The Kenya Bureau of Standards (KEBS) has launched the Emerging Standards Forums.
The “Emerging Standards Forum” is a quarterly platform that is primed to help the media as well as the end-user/stakeholders to comprehend the newly launched standards and the value that these new standards can bring to business.
The platform will provide opportunities to engage with diverse industry stakeholders, engage with the fourth estate, raise compelling discussions around standards, collaborate with stakeholders around ISO adoption and appealing stakeholder-cum-media sessions geared to publicizing the quarterly unveiled approved standards.
In the third quarter of Financial Year 2021/2022 (January to March 2022), KEBS developed and published 205 standards which target a myriad of sectors. The standards are categorized into seven categories which include; Food and Agriculture standards (5), Chemical standards (49), Cosmetics standards (18), Services’ standards (21), Leather and Textile Standards (27), Engineering Standards (26) and Electrotechnical and ICT Standards (59).
Quality standards are sets of good management practices, methods, systems, requirements, and specifications established to demonstrate consistent production and product quality. Here in Kenya, the Kenya Bureau of Standards (KEBS) facilitates the development of standards for promotion of standardization in commerce and industry.
In this quarter’s forum, KEBS highlighted six standards in their discussions that will be used in their different sectors to spur the growth of our industries. The event used panel discussions and audio-visual presentations to enlighten the audiences about the different standards.
The Managing Director, Kenya Bureau of Standards, Lt Col (Rtd.) Bernard Njiraini displayed pride in the move to launch these fora.
“It is our belief that this platform will create a better understanding of standards and their importance to the country and our day to day lives. May this be a step of inculcating a culture of quality in Kenya.” Said Njiraini.
KS 2951:2022 Kenya Standard — Biogas systems — Code of practice for farm and industrial scale biogas systems, First Edition.
Biogas is a key pillar of sustainable energy production. In rural areas, Biogas can be used to meet the energy demands as a replacement to kerosene, charcoal and firewood which not only cause environmental degradation but also produce indoor air pollution with a range of health-damaging pollutants such as soot.
However, despite these benefits and promotional efforts, biogas technology has not gained much traction in the country. One of the possible reasons cited for this failure is lack of quality standards that can be used to ensure biogas systems perform as intended.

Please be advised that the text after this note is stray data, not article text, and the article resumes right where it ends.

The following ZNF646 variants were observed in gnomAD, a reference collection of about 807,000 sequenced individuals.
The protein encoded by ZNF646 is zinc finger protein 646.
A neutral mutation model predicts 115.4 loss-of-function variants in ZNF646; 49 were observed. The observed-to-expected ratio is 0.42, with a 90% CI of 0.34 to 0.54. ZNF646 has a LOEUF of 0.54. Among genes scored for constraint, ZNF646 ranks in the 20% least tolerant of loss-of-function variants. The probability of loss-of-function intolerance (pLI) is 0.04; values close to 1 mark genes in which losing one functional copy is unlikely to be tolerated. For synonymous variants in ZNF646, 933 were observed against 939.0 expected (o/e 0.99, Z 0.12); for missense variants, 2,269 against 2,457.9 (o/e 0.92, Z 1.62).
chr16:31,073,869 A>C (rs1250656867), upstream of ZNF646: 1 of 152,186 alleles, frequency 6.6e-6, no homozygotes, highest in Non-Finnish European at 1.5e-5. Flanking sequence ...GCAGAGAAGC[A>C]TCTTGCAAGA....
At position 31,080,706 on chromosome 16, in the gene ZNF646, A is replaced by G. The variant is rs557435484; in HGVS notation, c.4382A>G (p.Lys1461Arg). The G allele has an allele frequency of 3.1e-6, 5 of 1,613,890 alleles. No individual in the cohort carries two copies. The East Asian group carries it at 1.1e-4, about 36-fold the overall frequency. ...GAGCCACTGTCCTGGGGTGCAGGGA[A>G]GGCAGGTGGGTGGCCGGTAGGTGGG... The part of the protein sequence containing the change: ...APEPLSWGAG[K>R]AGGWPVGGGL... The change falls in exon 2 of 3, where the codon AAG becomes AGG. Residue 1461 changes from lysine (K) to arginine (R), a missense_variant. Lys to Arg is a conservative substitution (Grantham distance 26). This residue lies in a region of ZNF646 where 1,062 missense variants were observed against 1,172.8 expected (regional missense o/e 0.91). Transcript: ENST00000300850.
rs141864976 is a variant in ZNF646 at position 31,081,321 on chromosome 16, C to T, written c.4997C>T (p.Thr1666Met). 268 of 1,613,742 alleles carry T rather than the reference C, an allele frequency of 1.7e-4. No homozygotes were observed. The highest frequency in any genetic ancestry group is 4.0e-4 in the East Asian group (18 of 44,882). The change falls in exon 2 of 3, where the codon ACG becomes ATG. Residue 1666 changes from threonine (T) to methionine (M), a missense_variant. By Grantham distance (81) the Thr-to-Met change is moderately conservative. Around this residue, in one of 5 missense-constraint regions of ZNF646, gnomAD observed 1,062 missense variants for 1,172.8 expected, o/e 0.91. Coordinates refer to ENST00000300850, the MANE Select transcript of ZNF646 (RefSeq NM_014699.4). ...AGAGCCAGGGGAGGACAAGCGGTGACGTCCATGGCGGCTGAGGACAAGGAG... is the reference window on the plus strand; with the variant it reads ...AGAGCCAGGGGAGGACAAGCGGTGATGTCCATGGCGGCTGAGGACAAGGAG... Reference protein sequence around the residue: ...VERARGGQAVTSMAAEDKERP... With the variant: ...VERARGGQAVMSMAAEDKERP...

It is for this reason that KEBS has now developed the above standard to ensure sustained use of biogas in Kenya.
“Biogas systems are complex process engineering plants that place extensive demands on the right planning, design, construction, operation, and maintenance. Plant designers, installers and users thus require information on environmental and emission protection aspects and health and safety requirements for the above-mentioned phases. This standard provides guidance on planning aspects, design, construction, operation, maintenance, environmental protection, health and safety,” said KEBS Managing Director Lt Col (Rtd.) Bernard Njiraini.
KS 2925:2022 Kenya Standard — Textiles — Reusable sanitary towels — Specification, Second Edition
The problem of lack of sanitary pads for young Kenyan girls especially from poor families is a huge one. Research shows that 65% of Kenyan women and girls are unable to afford basic sanitary pads. Therefore, girls often rely on unhygienic practices to handle their menstrual cycles. It is for this reason that KEBS has come up
with a standard to guide the manufacture of reusable sanitary pads that are safe and affordable for households.
According to KEBS Managing Director Lt Col (Rtd.) Bernard Njiraini, KS 2925:2022 Kenya Standard — Textiles — Reusable sanitary towels — Specification, Second Edition, other than being a tool for trade in products and services, the standard also has Do-It-Yourself (DIY) that transfers knowledge to the local entrepreneurs to develop and provide products that are safe and accessible using the locally available materials.
“Aspects of materials, design and performance form critical part of the standard and is not prescriptive, embedding innovation in formulation and production of the safe, accessible and effective Menstrual Products locally,” said Lt Col (Rtd.) Njiraini.
KS ISO 10545-10:2021 Kenya standard, Ceramic tiles — Part 10